About Me

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The name describes my demeanour and voice! I love narrowboating and that is why this blog is mainly about the boat and our interaction with it. I have been keeping a log for Sonflower ever since we bought her and moved onto her as our main residence. Some incidents in our boating life have been hilarious, some scary and some down right dangerous. I cannot tell what will come in the future but you can now share them! The crew are an 'ordinary' couple. The Best Mate and I.

Wednesday, 14 December 2016

Coal: Come rain or shine!

On Monday I headed for the boat  and met Dusty, the coal boat, at Samuelson Bridge 168 where they were loading coal and gas. Or should I say they were drinking tea during a break in loading coal and gas. Dusty is trapped on the north section of his patch at the moment by re-building of a lift bridge between Aynho and Somerton Deep Lock. The fact that his boat was pointing south, but he usually comes from the south threw us. His timing is all wrong too. He shouldn't be here again til after Christmas.  I was told that as soon as he was loaded he would be along to my boat in five minutes.

I waited and checked out a little sealing job I need to do. But the drizzle started and silicon sealant will not stick properly in the wet. So I cut up some old slats for kindling and stacked them neatly in the wood box.

Then I played the harmonica for a bit.  I looked out if the cratch back down the canal. Trade was brisk. Dusty had been hailed by King of Clubs who wanted four bags of coal to supplement the whole willow tree that is stacked on his roof in one foot lengths. Then another boat crew returned from shopping and quickly hailed him to top up their diesel tank. It took more like 45 minutes to get to me, 200 yards down the cut!

"Nice to be serenaded" I heard Kati say as they arrived. Dusty always engages in cheery conversation and it was great to catch up. We have been away so long and the last fill we had from them was before we left our mooring on March 3rd. With no mooring to stack coal beside we can only accommodate 4 bags of coal at a time now and topping up the tanks took 153 litres.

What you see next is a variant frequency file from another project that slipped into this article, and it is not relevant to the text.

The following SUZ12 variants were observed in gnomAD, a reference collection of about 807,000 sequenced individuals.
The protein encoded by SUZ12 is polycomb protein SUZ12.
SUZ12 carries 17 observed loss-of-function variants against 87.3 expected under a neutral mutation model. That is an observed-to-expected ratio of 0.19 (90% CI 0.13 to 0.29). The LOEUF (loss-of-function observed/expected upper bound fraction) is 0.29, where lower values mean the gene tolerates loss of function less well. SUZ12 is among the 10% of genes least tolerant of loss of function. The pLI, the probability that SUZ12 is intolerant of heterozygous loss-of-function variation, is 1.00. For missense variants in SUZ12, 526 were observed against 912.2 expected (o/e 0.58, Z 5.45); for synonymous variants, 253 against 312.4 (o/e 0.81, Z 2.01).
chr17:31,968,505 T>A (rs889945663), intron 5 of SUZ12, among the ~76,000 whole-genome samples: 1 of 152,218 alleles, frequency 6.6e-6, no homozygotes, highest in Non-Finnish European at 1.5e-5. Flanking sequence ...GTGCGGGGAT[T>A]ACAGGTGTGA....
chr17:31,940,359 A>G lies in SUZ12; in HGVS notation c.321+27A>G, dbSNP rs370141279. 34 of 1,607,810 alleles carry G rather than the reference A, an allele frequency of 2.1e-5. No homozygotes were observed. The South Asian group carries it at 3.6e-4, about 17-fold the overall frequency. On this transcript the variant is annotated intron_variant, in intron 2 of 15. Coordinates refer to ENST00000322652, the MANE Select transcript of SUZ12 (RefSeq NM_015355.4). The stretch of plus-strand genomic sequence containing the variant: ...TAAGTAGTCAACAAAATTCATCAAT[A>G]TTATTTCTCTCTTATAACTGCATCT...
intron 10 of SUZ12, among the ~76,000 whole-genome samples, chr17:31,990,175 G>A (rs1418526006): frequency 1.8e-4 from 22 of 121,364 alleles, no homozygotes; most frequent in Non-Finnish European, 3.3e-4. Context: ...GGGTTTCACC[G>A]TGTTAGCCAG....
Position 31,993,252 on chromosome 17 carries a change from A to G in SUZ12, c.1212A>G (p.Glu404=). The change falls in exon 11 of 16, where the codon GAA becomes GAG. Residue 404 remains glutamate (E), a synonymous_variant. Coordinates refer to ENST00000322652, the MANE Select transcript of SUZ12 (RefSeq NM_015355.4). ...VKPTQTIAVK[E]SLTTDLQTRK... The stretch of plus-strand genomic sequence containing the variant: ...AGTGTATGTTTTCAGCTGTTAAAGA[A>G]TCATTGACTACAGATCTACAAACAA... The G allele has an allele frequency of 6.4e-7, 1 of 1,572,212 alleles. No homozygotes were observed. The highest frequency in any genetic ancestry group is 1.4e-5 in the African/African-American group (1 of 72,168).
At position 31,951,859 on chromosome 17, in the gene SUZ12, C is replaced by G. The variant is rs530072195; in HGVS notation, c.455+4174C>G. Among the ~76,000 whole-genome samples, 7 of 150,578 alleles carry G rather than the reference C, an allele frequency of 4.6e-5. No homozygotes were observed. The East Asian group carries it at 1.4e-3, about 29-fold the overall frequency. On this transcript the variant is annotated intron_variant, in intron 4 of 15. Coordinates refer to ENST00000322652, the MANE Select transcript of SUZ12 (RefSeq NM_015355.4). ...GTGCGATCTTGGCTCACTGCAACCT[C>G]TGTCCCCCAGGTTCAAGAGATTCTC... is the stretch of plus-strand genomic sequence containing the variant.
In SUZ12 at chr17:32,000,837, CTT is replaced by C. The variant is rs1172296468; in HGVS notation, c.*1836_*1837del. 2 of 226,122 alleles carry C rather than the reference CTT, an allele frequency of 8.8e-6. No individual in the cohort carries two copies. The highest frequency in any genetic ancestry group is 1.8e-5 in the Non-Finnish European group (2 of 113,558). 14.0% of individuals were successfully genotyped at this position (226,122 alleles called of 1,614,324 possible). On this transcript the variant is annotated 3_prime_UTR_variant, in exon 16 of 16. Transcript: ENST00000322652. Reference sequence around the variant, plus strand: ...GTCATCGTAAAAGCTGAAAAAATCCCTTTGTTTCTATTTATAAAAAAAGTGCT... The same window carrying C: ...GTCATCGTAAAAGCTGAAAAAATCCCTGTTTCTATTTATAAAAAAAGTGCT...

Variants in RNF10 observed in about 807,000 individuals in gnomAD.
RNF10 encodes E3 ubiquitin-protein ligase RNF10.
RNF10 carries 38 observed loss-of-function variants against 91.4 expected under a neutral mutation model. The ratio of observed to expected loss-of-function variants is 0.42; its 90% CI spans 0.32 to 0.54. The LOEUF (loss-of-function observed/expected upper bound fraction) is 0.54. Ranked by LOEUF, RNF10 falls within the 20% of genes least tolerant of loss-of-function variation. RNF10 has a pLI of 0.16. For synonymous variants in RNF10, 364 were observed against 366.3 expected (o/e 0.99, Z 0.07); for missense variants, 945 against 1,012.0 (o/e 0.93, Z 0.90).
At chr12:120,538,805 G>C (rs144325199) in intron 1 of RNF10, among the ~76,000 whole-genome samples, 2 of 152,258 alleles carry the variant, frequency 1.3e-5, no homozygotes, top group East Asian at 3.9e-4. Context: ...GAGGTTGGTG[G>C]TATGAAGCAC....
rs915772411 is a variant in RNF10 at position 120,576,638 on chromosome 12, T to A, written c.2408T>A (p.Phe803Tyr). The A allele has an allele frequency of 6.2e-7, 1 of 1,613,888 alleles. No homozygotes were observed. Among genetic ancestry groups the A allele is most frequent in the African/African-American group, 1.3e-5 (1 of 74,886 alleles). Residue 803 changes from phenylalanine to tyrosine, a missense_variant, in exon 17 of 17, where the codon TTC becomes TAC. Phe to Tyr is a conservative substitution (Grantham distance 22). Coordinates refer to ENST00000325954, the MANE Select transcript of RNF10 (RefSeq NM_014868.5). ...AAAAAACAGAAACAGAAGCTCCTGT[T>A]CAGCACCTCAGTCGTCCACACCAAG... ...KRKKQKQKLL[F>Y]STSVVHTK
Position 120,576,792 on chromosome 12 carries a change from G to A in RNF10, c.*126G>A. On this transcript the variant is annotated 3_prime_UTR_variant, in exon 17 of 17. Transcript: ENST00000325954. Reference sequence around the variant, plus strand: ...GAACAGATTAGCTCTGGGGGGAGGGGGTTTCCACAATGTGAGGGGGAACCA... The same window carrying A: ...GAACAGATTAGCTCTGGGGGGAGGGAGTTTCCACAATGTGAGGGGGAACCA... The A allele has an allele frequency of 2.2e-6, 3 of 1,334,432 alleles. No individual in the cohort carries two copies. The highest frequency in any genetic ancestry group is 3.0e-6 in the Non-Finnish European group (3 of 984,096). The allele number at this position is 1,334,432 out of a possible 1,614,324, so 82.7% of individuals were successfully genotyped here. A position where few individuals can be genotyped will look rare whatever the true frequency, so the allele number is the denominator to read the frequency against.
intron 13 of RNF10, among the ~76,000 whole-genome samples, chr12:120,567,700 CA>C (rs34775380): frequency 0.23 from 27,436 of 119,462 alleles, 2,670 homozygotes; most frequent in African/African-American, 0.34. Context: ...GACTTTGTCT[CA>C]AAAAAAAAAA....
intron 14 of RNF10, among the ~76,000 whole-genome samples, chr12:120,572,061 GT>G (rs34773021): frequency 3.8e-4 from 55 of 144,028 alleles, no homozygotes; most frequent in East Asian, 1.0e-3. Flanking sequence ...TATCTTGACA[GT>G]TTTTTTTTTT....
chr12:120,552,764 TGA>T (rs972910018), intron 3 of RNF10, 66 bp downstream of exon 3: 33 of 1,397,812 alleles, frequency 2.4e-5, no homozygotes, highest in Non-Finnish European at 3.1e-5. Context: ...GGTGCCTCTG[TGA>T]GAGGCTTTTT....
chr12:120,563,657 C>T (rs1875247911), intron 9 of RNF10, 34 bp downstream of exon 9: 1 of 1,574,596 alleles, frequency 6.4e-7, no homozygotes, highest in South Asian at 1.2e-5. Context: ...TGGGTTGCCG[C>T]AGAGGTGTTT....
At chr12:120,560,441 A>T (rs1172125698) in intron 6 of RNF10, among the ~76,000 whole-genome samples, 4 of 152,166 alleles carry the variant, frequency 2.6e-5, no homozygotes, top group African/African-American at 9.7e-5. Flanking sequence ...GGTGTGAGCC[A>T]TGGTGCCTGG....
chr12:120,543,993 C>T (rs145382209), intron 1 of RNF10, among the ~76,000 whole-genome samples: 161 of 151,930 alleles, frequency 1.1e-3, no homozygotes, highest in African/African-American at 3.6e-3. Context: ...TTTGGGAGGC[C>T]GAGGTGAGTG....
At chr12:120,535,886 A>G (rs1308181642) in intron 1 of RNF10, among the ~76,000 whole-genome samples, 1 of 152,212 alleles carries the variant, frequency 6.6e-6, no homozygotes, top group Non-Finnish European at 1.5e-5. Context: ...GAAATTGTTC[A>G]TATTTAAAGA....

That should keep us warm through rain or shine. Dusty comes rain shine or snow too! Here is some historical footage of the effort that these coal boats put in to getting the warmth to us.

Wednesday, 7 December 2016


Temperatures continue to soar into double figures and a quick look over the Castle Quay foot bridge on or way to General Foods Club for lunch confirmed that we have no excuse for not moving today.

Blue sky overhead, a head full of great boating conversation with the crews of nb The King of Clubs and nb Black Pig, a tummy full of good food and beer and we were off again.

Not too fat though. We spotted a gap in the line of boats just before Tramway long term moorings. We turned at Calthorpe Winding Hole (why is nobody watching when we get it perfect?) and returned to moor in the said gap. Ready for our next period of 14 days in the town.

                            1.3/4 miles,1 Lift Bridge, 1 lock,  1hr 20 mins

Tuesday, 6 December 2016


 Ice to the front of her,

ice to the rear of her,

ice to the side of her: our boating was postponed this afternoon because of ice.

Although there was a change in the outside temperature which was soaring toward 10 degC the water was still at zero, the temperature of melting ice, and it was impossible to move. It may look like there is clear water around the boat but the rudder was locked in until we moved it, and not without a bit of force.

I recollect the chapter in Tom Rolt's book "Narrow Boat" where he describes ice in Banbury and the joy that the arrival of the ice breaker brought to the locked in crews. We await the ice breaker because to try to break this ourselves would damage other people's vessels at the waterline and could put fibre glass boats in jeopardy.

We spoke to a fisherman who told us the score along the canal: the only ice free spots were under the bridges and even there he got no bites.